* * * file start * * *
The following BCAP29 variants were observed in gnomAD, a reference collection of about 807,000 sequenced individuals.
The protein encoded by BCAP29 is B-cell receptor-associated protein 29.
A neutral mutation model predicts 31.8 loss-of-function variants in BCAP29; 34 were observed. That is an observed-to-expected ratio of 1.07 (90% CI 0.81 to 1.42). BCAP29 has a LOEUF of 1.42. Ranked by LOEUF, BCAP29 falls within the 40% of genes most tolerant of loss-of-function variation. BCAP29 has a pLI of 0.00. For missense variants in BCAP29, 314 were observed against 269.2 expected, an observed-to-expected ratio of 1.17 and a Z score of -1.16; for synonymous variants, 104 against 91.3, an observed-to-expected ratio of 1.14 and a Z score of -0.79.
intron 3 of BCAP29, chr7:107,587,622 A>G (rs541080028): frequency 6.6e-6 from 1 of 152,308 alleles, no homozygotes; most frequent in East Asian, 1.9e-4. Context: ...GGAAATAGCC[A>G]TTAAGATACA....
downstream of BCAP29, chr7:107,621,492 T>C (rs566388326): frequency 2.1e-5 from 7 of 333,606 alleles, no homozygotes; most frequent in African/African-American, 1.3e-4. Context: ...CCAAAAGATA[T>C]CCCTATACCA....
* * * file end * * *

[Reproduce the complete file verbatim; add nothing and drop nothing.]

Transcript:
The following BCAP29 variants were observed in gnomAD, a reference collection of about 807,000 sequenced individuals.
The protein encoded by BCAP29 is B-cell receptor-associated protein 29.
A neutral mutation model predicts 31.8 loss-of-function variants in BCAP29; 34 were observed. That is an observed-to-expected ratio of 1.07 (90% CI 0.81 to 1.42). BCAP29 has a LOEUF of 1.42. Ranked by LOEUF, BCAP29 falls within the 40% of genes most tolerant of loss-of-function variation. BCAP29 has a pLI of 0.00. For missense variants in BCAP29, 314 were observed against 269.2 expected, an observed-to-expected ratio of 1.17 and a Z score of -1.16; for synonymous variants, 104 against 91.3, an observed-to-expected ratio of 1.14 and a Z score of -0.79.
intron 3 of BCAP29, chr7:107,587,622 A>G (rs541080028): frequency 6.6e-6 from 1 of 152,308 alleles, no homozygotes; most frequent in East Asian, 1.9e-4. Context: ...GGAAATAGCC[A>G]TTAAGATACA....
downstream of BCAP29, chr7:107,621,492 T>C (rs566388326): frequency 2.1e-5 from 7 of 333,606 alleles, no homozygotes; most frequent in African/African-American, 1.3e-4. Context: ...CCAAAAGATA[T>C]CCCTATACCA....